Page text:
Until I heard Sir Barry Domvile's letter read out, I had not seen its contents, nor did I know what he had written. As far as my memory serves me, I have never spoken personally to him. Hon. Members who have heard my hon. Friend's speech must surely be searching their hearts as to whether it is right that the circumstances in which these people are detained should be what they are. My views about Regulation 18B are well known to my fellow Members. I have never denied the necessity for there being some Regulation of that kind. It is an unfortunate necessity, forced upon us by the war, that in certain circumstances people should be detained without trial, but when a convicted prisoner is asked what he can say in his own defence, his past record, whether it is good or bad, is counted for or against him. It does not therefore seem to me to be right that men and women locked up under 18B should not be entitled to have their past good records taken into consideration. Surely in deciding whether a man or woman is likely to be a danger to the State, it is essential that their past record of service should be considered. It is pleaded that it is necessary for the safety of the community that these people should be kept in detention. Some have been there for many years.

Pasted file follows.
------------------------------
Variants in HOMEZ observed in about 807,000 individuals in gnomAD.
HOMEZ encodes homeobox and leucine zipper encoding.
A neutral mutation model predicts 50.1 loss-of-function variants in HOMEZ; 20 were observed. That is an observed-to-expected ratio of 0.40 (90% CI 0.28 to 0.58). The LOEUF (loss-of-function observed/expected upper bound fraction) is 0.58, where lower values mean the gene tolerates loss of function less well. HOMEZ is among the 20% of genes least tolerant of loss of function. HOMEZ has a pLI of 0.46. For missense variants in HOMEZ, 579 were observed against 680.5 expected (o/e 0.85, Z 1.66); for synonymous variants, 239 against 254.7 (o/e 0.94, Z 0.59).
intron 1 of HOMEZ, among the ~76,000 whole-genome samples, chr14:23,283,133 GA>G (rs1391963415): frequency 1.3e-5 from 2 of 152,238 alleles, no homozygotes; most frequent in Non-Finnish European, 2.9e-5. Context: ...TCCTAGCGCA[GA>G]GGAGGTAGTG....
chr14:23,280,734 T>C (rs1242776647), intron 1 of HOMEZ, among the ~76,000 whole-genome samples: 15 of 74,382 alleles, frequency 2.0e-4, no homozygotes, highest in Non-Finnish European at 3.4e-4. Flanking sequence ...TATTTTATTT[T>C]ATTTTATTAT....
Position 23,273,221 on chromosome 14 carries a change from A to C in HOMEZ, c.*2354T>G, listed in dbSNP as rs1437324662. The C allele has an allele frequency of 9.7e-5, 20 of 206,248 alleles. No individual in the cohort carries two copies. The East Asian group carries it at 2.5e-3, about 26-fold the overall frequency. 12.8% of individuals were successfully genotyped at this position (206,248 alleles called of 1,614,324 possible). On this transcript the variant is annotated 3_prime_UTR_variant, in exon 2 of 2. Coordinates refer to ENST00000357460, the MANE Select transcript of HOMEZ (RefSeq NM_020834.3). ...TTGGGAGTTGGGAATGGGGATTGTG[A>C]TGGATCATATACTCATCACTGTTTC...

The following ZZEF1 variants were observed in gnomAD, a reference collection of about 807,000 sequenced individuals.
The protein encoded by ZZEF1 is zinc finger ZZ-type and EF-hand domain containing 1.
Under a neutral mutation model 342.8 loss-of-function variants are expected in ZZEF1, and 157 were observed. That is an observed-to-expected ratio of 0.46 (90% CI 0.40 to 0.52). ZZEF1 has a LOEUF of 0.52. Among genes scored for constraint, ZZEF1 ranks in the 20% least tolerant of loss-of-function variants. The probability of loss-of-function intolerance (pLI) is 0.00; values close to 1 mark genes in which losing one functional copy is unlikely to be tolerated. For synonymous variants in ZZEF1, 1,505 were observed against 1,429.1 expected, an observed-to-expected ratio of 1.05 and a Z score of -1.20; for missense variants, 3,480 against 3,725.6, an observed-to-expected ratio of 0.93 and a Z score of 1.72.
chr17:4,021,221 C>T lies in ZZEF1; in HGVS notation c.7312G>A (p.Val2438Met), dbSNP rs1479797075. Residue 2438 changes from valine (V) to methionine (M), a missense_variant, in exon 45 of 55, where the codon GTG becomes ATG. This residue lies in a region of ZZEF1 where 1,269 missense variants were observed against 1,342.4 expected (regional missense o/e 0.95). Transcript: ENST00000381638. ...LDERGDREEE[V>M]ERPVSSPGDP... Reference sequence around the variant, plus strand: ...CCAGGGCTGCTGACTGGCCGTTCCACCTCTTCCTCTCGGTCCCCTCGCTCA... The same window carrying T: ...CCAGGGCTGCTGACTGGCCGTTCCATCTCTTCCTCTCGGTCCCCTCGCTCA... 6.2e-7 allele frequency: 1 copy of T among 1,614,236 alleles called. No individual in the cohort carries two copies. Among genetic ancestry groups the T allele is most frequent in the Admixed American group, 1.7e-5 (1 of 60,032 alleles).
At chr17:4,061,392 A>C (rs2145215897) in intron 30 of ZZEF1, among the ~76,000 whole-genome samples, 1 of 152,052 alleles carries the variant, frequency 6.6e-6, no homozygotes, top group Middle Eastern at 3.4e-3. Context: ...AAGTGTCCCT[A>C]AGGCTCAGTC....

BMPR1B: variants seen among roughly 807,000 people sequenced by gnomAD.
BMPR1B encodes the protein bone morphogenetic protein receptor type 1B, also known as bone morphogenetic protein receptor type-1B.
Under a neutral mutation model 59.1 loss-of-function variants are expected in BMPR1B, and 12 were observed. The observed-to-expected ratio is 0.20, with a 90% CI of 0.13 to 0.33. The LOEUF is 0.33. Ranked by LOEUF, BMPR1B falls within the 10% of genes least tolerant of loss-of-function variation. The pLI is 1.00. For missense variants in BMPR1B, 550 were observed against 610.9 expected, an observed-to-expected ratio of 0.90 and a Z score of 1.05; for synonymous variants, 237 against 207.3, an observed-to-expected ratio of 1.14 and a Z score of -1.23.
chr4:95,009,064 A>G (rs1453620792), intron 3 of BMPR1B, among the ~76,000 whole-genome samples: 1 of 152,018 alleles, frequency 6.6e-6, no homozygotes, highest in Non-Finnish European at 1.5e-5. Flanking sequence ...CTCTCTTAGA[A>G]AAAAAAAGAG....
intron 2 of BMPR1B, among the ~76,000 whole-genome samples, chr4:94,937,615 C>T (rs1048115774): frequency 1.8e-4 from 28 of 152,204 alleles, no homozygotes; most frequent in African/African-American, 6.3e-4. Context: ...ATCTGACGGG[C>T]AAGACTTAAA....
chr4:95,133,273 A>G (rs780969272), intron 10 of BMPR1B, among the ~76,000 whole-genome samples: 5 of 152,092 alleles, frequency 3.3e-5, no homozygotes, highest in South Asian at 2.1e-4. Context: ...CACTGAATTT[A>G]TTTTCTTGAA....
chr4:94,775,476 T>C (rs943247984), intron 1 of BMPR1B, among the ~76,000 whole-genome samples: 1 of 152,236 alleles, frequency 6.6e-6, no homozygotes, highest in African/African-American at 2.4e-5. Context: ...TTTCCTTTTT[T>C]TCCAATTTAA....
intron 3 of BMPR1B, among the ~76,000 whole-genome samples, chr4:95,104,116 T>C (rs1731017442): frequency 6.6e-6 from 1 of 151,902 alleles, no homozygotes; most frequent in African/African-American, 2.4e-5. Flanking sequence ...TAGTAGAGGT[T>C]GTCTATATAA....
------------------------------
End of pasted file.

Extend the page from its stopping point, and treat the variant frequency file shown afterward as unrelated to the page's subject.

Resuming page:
Before the last war one of the most notorious traitors was a Member of this House. I do not think that is a relevant remark at all. I am pleading for justice, just as much for the hon. Member as for anyone else. It is not a matter of personal opinion or personal spite or of different political points of view or of party bias. It is the inherent right of men and women to obtain justice. If it is right to detain these people because it is in the interest of the State that they should be under lock and key, surely every effort should be made to make their detention as little irksome as possible. I did not hear anything in the letter that did not seem to me quite reasonable for a man to write, subject to the censorship if necessary, or for the paper to be allowed to print. Why was the letter stopped? It is true that, on more than one occasion, letters from persons detained in prison to Members of this House have been stopped, but it is the inalienable right of every unconvicted person, in prison, or of a man in the Forces, to communicate with his Member of Parliament, and I deny the right of any Executive to take that right away. Many years ago, when the liberties of this House were in jeopardy, the House wrote a Memorandum, which was called the Apology of the House of Commons, in which they maintained that their Privileges were the general liberties of England. In that document are these remarkable words: